Photographer Travels 10,000 Miles to Capture Stunning Photo of the Entire Milky Way Galaxy

Milky Way Galaxy
The entire Milky Way Galaxy as seen from the Maldives.

Backyard astrophotographer Andrew McCarthy has always wanted to get a shot of the entire Milky Way Galaxy, but living in Arizona makes it impossible.

The light pollution coupled with the Arizonian latitudinal position prevents McCarty from getting the shot he wanted. To rectify this, the intrepid photographer caught multiple international flights to arrive on a small island in the Maldives — an archipelago in the Indian Ocean.

From this position near the equator, McCarthy finally got the incredible image he had been looking for — an unobstructed, detailed view of the entire Milky Way Galaxy.

“Unfortunately living in a suburban neighborhood prevents high-quality photos of the Milky Way, which you need dark skies for,” explains McCarthy.

“At my latitude here in the United States, the bulge of Earth’s curvature blocks much of the Milky Way. There is an entire southern portion that can’t be seen. Capturing that was a large part of my goal with this image.”

Milky Way Galaxy
Zoomed in detail of the enormous photo.

To get to his desired location, McCarthy took multiple airplanes, including a seaplane and a small boat, to reach his destination.

“I packed a compact version of my big equipment at home to do this. I wanted to take a photo that was uncompromising on detail, so I brought specially designed astrophotography cameras, lenses, and trackers that would allow me to shoot it in much more detail than otherwise possible,” he explains.

Shooting the Milky Way Galaxy
Capturing the Milky Way from the Maldives.

Once at the location, McCarthy spent two weeks under the stars capturing thousands of photos of the Milky Way.

“The camera lens I used only covered a small part of the Milky Way, so I had to capture the photo in many ‘panels’ to create the final image,” he says.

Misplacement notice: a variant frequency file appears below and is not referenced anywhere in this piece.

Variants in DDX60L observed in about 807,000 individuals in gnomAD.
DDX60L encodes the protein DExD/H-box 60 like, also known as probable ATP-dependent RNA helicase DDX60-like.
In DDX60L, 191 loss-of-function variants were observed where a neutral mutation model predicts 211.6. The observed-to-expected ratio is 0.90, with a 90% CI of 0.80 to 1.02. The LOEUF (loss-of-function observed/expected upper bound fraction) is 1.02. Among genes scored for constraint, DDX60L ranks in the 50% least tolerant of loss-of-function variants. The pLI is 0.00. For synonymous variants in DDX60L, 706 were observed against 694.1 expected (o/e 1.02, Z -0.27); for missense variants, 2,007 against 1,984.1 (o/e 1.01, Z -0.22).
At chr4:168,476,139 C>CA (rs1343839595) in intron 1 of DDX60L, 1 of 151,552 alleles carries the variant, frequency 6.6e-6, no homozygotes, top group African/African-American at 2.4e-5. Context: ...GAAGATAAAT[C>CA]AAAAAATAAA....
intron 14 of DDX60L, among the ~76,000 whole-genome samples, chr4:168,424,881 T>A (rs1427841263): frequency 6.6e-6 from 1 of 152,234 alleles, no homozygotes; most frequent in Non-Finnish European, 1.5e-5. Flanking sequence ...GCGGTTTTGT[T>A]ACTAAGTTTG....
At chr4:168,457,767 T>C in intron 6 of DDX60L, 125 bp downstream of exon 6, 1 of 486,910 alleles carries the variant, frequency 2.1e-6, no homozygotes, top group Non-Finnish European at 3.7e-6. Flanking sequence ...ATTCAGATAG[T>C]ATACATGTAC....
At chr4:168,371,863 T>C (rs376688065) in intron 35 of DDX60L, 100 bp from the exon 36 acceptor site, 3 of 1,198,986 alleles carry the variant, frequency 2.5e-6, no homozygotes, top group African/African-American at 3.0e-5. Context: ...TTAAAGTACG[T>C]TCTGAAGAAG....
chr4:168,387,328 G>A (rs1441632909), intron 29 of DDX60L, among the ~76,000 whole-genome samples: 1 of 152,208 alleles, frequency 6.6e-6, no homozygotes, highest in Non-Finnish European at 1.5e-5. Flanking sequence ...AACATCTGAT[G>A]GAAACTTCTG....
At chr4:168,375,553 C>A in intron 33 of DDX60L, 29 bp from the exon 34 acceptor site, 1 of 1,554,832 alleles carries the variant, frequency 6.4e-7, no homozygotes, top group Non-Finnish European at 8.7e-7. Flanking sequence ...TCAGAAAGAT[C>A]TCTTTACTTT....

“This was necessary to produce the detail I wanted and to avoid the distortion that usually comes from using wide-angle lenses.”

Milky Way Galaxy

Milky Way Galaxy

McCarthy was tested during the fortnight with bad weather and clouds hampering his effort. But the photographer says the final image has exceeded all expectations.

“Throughout human history, humans have been able to look up into our home galaxy. From contemplating the stars we developed religion, navigation, and arts,” McCarthy reflects.

“Much of where we are today can be attributed to the minds of ancient thinkers pondering our place under the starry sky.

“While civilization has improved our lives in immeasurable ways, we lost our perspective. Light pollution has taken that perspective from 60% of Europeans and 80% of Americans, depriving us of any insights we could have had from peering into the infinite swirls of starlight.

“My goal is for my images to inspire people the way it inspired our ancestors, so we can recover some of what we’ve lost.”

McCarthy has named his creation Backbone of Night and it is available as a limited print on his website.

More of McCarthy’s work can be found on his Instagram, X, Facebook, and website.

Image credits: All photos by Andrew McCarthy.